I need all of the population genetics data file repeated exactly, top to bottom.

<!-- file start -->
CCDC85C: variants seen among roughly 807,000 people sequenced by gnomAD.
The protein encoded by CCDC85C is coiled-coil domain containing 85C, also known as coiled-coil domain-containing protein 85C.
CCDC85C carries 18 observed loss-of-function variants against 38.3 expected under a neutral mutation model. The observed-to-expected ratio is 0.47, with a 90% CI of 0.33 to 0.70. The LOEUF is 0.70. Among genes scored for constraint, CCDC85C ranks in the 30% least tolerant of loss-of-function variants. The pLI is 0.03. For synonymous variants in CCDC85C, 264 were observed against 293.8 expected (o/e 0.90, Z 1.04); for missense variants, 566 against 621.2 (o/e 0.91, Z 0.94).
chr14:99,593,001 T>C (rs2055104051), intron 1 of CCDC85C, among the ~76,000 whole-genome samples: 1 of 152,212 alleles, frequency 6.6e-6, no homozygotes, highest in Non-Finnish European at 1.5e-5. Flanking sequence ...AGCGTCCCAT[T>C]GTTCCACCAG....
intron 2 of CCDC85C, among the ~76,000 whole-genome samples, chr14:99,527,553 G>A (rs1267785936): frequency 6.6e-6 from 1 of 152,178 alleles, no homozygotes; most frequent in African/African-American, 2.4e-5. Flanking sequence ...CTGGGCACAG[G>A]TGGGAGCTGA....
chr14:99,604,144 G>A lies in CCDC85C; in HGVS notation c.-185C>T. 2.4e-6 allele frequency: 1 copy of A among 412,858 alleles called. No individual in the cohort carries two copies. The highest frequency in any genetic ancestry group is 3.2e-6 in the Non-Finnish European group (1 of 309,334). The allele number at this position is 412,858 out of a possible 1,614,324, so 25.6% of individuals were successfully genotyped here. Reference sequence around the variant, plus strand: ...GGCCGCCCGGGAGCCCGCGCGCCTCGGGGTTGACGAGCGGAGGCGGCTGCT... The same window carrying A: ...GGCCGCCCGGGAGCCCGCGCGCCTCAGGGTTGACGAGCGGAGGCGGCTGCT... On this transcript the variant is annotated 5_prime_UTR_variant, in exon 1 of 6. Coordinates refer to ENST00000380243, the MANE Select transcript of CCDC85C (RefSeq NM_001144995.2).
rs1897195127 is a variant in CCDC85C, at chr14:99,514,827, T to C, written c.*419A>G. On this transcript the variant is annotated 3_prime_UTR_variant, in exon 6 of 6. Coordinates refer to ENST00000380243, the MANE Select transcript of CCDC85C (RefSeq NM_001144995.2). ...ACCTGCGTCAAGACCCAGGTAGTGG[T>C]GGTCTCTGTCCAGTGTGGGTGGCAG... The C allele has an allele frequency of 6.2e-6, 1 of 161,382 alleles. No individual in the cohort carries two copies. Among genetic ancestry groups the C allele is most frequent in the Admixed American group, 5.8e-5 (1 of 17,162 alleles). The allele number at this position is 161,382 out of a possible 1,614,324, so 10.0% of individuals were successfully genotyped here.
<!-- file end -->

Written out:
CCDC85C: variants seen among roughly 807,000 people sequenced by gnomAD.
The protein encoded by CCDC85C is coiled-coil domain containing 85C, also known as coiled-coil domain-containing protein 85C.
CCDC85C carries 18 observed loss-of-function variants against 38.3 expected under a neutral mutation model. The observed-to-expected ratio is 0.47, with a 90% CI of 0.33 to 0.70. The LOEUF is 0.70. Among genes scored for constraint, CCDC85C ranks in the 30% least tolerant of loss-of-function variants. The pLI is 0.03. For synonymous variants in CCDC85C, 264 were observed against 293.8 expected (o/e 0.90, Z 1.04); for missense variants, 566 against 621.2 (o/e 0.91, Z 0.94).
chr14:99,593,001 T>C (rs2055104051), intron 1 of CCDC85C, among the ~76,000 whole-genome samples: 1 of 152,212 alleles, frequency 6.6e-6, no homozygotes, highest in Non-Finnish European at 1.5e-5. Flanking sequence ...AGCGTCCCAT[T>C]GTTCCACCAG....
intron 2 of CCDC85C, among the ~76,000 whole-genome samples, chr14:99,527,553 G>A (rs1267785936): frequency 6.6e-6 from 1 of 152,178 alleles, no homozygotes; most frequent in African/African-American, 2.4e-5. Flanking sequence ...CTGGGCACAG[G>A]TGGGAGCTGA....
chr14:99,604,144 G>A lies in CCDC85C; in HGVS notation c.-185C>T. 2.4e-6 allele frequency: 1 copy of A among 412,858 alleles called. No individual in the cohort carries two copies. The highest frequency in any genetic ancestry group is 3.2e-6 in the Non-Finnish European group (1 of 309,334). The allele number at this position is 412,858 out of a possible 1,614,324, so 25.6% of individuals were successfully genotyped here. Reference sequence around the variant, plus strand: ...GGCCGCCCGGGAGCCCGCGCGCCTCGGGGTTGACGAGCGGAGGCGGCTGCT... The same window carrying A: ...GGCCGCCCGGGAGCCCGCGCGCCTCAGGGTTGACGAGCGGAGGCGGCTGCT... On this transcript the variant is annotated 5_prime_UTR_variant, in exon 1 of 6. Coordinates refer to ENST00000380243, the MANE Select transcript of CCDC85C (RefSeq NM_001144995.2).
rs1897195127 is a variant in CCDC85C, at chr14:99,514,827, T to C, written c.*419A>G. On this transcript the variant is annotated 3_prime_UTR_variant, in exon 6 of 6. Coordinates refer to ENST00000380243, the MANE Select transcript of CCDC85C (RefSeq NM_001144995.2). ...ACCTGCGTCAAGACCCAGGTAGTGG[T>C]GGTCTCTGTCCAGTGTGGGTGGCAG... The C allele has an allele frequency of 6.2e-6, 1 of 161,382 alleles. No individual in the cohort carries two copies. Among genetic ancestry groups the C allele is most frequent in the Admixed American group, 5.8e-5 (1 of 17,162 alleles). The allele number at this position is 161,382 out of a possible 1,614,324, so 10.0% of individuals were successfully genotyped here.